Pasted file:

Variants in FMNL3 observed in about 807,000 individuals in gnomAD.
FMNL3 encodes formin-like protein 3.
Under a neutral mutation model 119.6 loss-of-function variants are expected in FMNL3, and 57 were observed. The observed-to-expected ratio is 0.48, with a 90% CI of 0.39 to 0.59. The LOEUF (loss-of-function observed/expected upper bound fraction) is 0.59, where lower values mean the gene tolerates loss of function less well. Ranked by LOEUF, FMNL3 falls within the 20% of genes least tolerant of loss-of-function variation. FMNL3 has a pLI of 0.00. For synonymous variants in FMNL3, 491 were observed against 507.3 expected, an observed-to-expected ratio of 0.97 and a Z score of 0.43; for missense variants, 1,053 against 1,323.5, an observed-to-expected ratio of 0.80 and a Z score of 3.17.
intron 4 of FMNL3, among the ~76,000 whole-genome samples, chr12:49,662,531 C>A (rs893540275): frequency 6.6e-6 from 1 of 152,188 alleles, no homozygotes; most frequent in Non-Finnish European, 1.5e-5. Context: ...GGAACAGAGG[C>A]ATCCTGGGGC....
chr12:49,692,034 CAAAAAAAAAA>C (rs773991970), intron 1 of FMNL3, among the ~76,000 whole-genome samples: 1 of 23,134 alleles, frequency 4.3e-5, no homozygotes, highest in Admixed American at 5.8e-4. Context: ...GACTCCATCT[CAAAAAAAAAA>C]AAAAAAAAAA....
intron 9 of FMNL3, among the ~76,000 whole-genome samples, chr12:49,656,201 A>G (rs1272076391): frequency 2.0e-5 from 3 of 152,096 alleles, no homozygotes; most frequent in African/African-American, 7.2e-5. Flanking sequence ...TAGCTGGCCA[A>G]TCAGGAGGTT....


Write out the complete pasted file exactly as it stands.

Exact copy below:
Variants in FMNL3 observed in about 807,000 individuals in gnomAD.
FMNL3 encodes formin-like protein 3.
Under a neutral mutation model 119.6 loss-of-function variants are expected in FMNL3, and 57 were observed. The observed-to-expected ratio is 0.48, with a 90% CI of 0.39 to 0.59. The LOEUF (loss-of-function observed/expected upper bound fraction) is 0.59, where lower values mean the gene tolerates loss of function less well. Ranked by LOEUF, FMNL3 falls within the 20% of genes least tolerant of loss-of-function variation. FMNL3 has a pLI of 0.00. For synonymous variants in FMNL3, 491 were observed against 507.3 expected, an observed-to-expected ratio of 0.97 and a Z score of 0.43; for missense variants, 1,053 against 1,323.5, an observed-to-expected ratio of 0.80 and a Z score of 3.17.
intron 4 of FMNL3, among the ~76,000 whole-genome samples, chr12:49,662,531 C>A (rs893540275): frequency 6.6e-6 from 1 of 152,188 alleles, no homozygotes; most frequent in Non-Finnish European, 1.5e-5. Context: ...GGAACAGAGG[C>A]ATCCTGGGGC....
chr12:49,692,034 CAAAAAAAAAA>C (rs773991970), intron 1 of FMNL3, among the ~76,000 whole-genome samples: 1 of 23,134 alleles, frequency 4.3e-5, no homozygotes, highest in Admixed American at 5.8e-4. Context: ...GACTCCATCT[CAAAAAAAAAA>C]AAAAAAAAAA....
intron 9 of FMNL3, among the ~76,000 whole-genome samples, chr12:49,656,201 A>G (rs1272076391): frequency 2.0e-5 from 3 of 152,096 alleles, no homozygotes; most frequent in African/African-American, 7.2e-5. Flanking sequence ...TAGCTGGCCA[A>G]TCAGGAGGTT....